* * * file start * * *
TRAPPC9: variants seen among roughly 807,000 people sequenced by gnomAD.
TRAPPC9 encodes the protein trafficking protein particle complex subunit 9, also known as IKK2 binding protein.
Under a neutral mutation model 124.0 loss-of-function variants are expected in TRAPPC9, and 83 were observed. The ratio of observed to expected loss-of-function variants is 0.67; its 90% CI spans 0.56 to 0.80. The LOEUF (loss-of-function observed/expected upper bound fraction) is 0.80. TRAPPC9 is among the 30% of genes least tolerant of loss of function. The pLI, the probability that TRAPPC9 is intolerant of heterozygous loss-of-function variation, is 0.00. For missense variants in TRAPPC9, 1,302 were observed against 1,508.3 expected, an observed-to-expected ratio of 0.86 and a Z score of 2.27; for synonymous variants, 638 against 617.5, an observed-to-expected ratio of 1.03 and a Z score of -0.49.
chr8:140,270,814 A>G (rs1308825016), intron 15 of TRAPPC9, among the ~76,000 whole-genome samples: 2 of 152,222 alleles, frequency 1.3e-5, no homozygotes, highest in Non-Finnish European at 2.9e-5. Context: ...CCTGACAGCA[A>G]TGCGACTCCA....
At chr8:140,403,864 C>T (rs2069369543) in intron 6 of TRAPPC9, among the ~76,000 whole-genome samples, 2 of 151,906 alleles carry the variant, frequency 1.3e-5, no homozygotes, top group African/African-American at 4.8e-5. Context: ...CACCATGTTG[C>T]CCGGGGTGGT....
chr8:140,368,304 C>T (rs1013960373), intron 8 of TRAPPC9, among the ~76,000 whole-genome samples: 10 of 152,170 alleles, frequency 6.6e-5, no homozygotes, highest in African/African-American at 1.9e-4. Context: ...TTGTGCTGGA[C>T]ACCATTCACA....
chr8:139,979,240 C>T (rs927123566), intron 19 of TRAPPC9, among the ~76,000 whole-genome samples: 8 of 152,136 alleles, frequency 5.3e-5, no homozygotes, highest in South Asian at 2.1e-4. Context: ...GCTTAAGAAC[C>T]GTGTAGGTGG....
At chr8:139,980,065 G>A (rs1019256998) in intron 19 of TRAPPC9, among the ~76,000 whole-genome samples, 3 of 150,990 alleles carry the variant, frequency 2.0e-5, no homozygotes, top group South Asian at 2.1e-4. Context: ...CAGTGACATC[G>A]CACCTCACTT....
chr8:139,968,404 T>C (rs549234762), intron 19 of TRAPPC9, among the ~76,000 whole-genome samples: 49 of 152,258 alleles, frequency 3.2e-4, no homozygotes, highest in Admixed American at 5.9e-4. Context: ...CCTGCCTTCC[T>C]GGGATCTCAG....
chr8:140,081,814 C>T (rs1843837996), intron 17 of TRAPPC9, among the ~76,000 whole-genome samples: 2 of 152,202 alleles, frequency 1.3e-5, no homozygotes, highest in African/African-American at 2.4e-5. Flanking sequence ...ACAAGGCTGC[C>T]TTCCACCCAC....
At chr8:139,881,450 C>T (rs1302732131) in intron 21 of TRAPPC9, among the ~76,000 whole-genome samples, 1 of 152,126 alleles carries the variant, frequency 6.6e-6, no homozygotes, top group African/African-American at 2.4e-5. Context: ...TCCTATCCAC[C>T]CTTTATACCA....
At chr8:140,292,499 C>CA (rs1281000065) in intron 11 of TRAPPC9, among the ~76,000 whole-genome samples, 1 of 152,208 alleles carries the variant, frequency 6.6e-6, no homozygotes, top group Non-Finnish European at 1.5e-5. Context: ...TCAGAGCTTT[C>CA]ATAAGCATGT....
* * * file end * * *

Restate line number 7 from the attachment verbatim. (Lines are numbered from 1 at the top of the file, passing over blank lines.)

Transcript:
chr8:139,979,240 C>T (rs927123566), intron 19 of TRAPPC9, among the ~76,000 whole-genome samples: 8 of 152,136 alleles, frequency 5.3e-5, no homozygotes, highest in South Asian at 2.1e-4. Context: ...GCTTAAGAAC[C>T]GTGTAGGTGG....